There is a large overlap between the underlying conditions that put many Covid-19 patients at risk -- such as lung, kidney and heart conditions -- and diseases made worse by long-term exposure to fine particulate matter.

A prior study of 60 million Americans over age 65 by the same research group found that each 1 gram per cubic meter rise in long-term PM 2.5 exposure was associated with a 0.73% increase in the rate of death from any cause.

Compared to those results, the new study showed the same small increase led to a "Covid-19 death rate of a magnitude that is 20 times the one estimated for all-cause mortality."

The study said those findings held true after a large set of "socioeconomic, demographic, weather, behavioral, and healthcare-related confounders" were taken into account.

The study has some limitations, the authors said, including the fact that the data was averaged at a county levelti.

"If they knew at the individual level the deaths from Covid-19, and knew whether the dead person smoked, had hypertension, had diabetes or any of the other known risk factors, that it would be a stronger analysis," said pulmonologist Dr. John Balmes, a professor of medicine at University of California, San Francisco, who was not involved in the study.

More to be done

The maps also show more danger from the virus in communities of color, said Balmes, who is also a professor of environmental health sciences at UC Berkeley.

"The same counties that have the higher air pollution, they also have more poor people, more poor people of color. And it's probably at the neighborhood level that there's the greatest risk," he said.

"You can use these maps to better target scarce resources, and specifically target resources for the safety net hospitals that these poor people of color usually have to go to," Balmes said.

And there's a global need to analyze the impact of air pollution on risk levels around the world.

"I think overall the general convolutions that long-term exposure to PM 2.5 increases the risk or Covid-19 deaths is probably generalizable to a global scale," said Yifang Zhu, a professor in the department of environmental health and sciences at UCLA, who was not involved in the study.

"So, I think the study gives strong evidence to highlight the importance of further improving our air quality overall," Zhu said.

Oregon Coronavirus Cases

Data is updated nightly.

Cases: 205030

Reported Deaths: 2730
CountyCasesDeaths
Multnomah40113612
Washington26647247
Marion23258322
Clackamas18748234
Lane13772158
Jackson11420146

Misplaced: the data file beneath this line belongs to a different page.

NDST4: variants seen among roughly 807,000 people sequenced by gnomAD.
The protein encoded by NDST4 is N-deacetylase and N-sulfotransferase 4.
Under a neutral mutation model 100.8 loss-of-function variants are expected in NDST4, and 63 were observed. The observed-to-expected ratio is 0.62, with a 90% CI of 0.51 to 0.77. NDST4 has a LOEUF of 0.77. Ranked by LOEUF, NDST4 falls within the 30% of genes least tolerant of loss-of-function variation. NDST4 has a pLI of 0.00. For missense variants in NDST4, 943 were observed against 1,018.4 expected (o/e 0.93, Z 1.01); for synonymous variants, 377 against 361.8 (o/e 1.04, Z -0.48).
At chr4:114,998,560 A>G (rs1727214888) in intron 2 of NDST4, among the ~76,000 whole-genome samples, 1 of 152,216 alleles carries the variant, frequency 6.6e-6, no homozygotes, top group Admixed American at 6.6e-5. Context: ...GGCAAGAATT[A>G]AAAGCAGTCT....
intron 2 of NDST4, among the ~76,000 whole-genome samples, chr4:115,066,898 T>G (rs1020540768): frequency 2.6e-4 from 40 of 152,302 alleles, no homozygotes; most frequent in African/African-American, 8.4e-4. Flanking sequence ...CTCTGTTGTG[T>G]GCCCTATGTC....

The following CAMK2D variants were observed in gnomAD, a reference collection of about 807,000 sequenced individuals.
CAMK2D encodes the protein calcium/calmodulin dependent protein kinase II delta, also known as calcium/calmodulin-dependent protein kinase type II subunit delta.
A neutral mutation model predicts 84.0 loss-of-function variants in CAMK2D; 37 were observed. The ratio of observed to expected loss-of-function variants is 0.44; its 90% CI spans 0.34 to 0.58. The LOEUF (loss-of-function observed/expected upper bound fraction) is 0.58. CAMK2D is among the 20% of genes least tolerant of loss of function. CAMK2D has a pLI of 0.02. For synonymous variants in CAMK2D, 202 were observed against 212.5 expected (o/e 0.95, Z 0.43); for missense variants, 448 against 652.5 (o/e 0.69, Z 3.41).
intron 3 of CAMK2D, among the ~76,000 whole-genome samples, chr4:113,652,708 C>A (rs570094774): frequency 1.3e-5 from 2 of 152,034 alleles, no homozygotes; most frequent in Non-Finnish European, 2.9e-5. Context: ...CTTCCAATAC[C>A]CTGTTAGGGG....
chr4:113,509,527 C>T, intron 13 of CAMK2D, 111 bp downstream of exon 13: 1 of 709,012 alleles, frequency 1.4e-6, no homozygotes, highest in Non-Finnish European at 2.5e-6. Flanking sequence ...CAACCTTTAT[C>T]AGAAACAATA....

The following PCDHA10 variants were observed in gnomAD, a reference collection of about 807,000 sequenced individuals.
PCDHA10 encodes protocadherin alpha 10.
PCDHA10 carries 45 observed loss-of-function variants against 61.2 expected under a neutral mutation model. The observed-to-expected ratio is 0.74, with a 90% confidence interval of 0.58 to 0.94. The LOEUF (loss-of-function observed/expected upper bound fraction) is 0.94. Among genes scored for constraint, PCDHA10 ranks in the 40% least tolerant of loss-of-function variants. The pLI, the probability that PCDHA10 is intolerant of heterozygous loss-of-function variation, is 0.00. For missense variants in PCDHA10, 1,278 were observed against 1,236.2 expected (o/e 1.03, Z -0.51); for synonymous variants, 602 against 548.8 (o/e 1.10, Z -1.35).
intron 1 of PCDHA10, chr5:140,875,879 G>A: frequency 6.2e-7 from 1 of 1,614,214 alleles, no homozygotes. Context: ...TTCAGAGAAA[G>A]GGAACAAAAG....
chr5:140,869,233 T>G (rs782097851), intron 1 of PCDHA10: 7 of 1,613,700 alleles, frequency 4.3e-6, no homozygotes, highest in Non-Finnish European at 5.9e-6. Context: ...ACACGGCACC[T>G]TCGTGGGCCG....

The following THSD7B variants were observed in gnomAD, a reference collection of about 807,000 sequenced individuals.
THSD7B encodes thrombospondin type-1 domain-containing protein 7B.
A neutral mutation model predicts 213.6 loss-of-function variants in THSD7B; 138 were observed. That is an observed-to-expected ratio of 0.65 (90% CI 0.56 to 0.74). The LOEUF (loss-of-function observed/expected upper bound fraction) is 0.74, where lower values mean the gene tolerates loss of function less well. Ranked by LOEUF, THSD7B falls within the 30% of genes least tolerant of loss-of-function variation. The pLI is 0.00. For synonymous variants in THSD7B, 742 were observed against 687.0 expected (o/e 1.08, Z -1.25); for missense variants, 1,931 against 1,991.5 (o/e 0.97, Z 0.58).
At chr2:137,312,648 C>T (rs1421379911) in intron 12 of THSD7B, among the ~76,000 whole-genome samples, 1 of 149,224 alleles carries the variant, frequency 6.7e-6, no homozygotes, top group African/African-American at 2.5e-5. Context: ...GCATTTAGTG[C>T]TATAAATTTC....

Deschutes993180
Umatilla851786
Linn550479
Klamath475377
Yamhill474779
Polk393755
Douglas378580
Malheur359763
Josephine352972
Benton323922
Jefferson235738
Coos215737
Columbia188629
Union148724
Wasco143429
Lincoln141221
Crook127423
Hood River121633
Morrow115016
Clatsop10268
Baker99215
Curry68510
Tillamook6604
Grant5477
Lake4667
Harney4149
Wallowa1945
Gilliam751
Sherman661
Wheeler351
Unassigned00

California Coronavirus Cases

Data is updated nightly.

Cases: 3801728

Reported Deaths: 63193
CountyCasesDeaths
Los Angeles124612924434
Riverside3013124618
San Bernardino2989764788
San Diego2812033770
Orange2726505103
Santa Clara1198942175
Kern1106041400
Sacramento1071991718
Fresno1027831720
Alameda893401285
Ventura815541028
San Joaquin744011432
Contra Costa70276810
Stanislaus631901068
Tulare49758849
Monterey43791419
San Mateo42604581
San Francisco37189555
Santa Barbara34572460
Solano33569266
Merced32253474
Sonoma30688323
Imperial28799741
Placer23345298
Kings23166247
San Luis Obispo21405261
Madera16586245
Santa Cruz16202208
Marin14170229
Yolo14118212
Shasta12580232
Butte12576194
El Dorado10339116
Napa998680
Sutter9614112
Yuba644850
San Benito609563
Lassen577524
Tehama571663
Nevada487875
Humboldt441546
Mendocino427450
Tuolumne418569
Amador372147
Lake355245
Glenn242527
Siskiyou238637
Colusa227918
Calaveras220056
Del Norte14488
Inyo143438
Mono12954
Plumas7356
Modoc5344
Mariposa4617
Trinity4165
Sierra1130
Alpine890
Unassigned330
Medford
Cloudy
70° wxIcon
Hi: 67° Lo: 57°
Feels Like: 70°
Brookings
Cloudy
57° wxIcon
Hi: 65° Lo: 53°
Feels Like: 57°
Crater Lake
Mostly Cloudy
70° wxIcon
Hi: 51° Lo: 42°
Feels Like: 70°
Grants Pass
Partly Cloudy
70° wxIcon
Hi: 72° Lo: 57°
Feels Like: 70°
Klamath Falls
Mostly Cloudy
72° wxIcon
Hi: 70° Lo: 52°
Feels Like: 72°
Pop-up thunderstorms today, clearing out tomorrow.
KDRV Radar
KDRV Fire Danger
KDRV Weather Cam

Community Events